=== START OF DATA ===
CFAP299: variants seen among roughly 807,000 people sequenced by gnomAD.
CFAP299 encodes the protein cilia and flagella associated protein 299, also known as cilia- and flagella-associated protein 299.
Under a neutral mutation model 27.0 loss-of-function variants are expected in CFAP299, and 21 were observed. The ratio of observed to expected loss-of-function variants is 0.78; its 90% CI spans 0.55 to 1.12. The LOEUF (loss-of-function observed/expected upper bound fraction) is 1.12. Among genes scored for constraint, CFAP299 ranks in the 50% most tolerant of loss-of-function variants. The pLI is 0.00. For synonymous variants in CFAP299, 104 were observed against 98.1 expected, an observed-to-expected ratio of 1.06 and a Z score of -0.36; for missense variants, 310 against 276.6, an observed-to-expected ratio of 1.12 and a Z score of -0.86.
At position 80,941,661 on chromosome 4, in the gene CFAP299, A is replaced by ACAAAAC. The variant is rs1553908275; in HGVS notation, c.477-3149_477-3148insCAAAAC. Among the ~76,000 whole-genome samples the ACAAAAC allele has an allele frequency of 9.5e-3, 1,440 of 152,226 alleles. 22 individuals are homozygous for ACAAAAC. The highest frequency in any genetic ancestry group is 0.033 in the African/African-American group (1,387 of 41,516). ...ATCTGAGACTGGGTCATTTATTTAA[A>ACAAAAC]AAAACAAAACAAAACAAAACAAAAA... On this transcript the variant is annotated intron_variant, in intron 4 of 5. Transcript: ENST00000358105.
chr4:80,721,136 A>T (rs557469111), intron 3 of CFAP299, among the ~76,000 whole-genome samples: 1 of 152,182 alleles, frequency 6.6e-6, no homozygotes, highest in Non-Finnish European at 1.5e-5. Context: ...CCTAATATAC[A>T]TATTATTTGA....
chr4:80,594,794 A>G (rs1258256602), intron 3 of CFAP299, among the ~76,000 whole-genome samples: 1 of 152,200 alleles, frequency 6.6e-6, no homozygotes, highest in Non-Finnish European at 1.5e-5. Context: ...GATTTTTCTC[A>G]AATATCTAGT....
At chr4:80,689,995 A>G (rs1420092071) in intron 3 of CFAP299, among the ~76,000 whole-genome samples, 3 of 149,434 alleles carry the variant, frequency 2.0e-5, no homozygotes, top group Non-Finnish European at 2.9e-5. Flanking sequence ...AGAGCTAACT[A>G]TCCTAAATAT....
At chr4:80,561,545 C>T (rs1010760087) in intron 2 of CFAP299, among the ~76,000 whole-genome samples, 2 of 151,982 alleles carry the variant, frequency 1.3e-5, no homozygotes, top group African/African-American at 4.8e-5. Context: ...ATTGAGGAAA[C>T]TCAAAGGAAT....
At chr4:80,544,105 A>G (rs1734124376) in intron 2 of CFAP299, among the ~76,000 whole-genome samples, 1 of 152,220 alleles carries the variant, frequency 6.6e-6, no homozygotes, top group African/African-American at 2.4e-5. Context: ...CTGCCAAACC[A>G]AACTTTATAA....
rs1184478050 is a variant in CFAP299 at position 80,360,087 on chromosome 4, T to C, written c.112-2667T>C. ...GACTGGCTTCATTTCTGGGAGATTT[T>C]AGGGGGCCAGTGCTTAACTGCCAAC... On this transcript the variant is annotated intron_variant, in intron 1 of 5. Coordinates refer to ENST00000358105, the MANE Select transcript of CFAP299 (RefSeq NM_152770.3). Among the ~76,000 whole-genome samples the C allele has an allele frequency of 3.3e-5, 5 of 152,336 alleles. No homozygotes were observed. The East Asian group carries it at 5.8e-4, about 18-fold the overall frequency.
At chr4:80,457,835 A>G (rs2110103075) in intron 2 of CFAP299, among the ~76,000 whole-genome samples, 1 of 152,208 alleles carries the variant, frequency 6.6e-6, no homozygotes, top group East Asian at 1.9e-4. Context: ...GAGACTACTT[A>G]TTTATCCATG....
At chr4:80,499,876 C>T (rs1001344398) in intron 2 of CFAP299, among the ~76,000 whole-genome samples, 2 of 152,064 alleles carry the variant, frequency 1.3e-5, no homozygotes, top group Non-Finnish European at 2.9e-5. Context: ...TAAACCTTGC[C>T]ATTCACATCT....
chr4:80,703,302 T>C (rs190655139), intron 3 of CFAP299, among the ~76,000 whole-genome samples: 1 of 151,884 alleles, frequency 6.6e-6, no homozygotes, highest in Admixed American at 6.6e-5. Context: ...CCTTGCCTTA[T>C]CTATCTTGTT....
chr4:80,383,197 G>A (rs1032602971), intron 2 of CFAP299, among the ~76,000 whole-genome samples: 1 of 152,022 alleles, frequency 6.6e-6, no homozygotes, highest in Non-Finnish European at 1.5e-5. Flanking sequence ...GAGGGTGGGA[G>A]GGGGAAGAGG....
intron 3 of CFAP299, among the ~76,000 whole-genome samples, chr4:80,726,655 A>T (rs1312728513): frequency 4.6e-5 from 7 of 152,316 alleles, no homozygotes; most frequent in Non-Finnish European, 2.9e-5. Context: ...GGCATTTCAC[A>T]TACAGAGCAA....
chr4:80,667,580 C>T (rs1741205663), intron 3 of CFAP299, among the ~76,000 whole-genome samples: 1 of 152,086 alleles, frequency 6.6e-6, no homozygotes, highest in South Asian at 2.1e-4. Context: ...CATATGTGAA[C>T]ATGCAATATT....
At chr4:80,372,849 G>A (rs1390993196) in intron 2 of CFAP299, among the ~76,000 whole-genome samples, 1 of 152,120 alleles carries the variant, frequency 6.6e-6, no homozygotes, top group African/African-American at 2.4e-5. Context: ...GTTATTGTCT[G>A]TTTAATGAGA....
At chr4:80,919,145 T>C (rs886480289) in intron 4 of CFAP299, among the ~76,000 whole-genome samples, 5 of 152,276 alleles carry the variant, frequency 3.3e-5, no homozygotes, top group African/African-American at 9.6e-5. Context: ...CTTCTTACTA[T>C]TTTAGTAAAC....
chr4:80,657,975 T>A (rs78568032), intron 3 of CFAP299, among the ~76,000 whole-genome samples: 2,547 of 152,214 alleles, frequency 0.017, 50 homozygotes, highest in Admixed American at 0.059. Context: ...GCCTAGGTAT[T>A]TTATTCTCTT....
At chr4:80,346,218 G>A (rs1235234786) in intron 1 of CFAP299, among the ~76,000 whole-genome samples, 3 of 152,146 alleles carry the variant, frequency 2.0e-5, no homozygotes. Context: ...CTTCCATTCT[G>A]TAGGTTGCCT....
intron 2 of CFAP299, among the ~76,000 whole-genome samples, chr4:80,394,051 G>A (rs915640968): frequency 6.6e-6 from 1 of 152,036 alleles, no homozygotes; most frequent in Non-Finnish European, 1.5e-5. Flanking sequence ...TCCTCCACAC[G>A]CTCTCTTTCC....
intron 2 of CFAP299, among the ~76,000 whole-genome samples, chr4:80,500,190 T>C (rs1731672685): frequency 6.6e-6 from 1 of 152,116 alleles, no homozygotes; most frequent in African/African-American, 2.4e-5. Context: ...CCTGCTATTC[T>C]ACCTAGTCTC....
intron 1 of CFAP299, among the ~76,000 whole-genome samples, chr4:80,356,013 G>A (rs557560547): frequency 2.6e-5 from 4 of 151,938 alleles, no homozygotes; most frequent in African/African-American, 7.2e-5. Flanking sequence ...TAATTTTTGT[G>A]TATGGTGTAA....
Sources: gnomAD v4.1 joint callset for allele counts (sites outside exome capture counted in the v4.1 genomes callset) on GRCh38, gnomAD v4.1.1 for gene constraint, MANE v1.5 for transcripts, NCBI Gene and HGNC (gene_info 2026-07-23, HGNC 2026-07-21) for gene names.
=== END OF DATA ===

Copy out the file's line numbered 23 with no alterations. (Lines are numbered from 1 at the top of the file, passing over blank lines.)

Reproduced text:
intron 1 of CFAP299, among the ~76,000 whole-genome samples, chr4:80,356,013 G>A (rs557560547): frequency 2.6e-5 from 4 of 151,938 alleles, no homozygotes; most frequent in African/African-American, 7.2e-5. Flanking sequence ...TAATTTTTGT[G>A]TATGGTGTAA....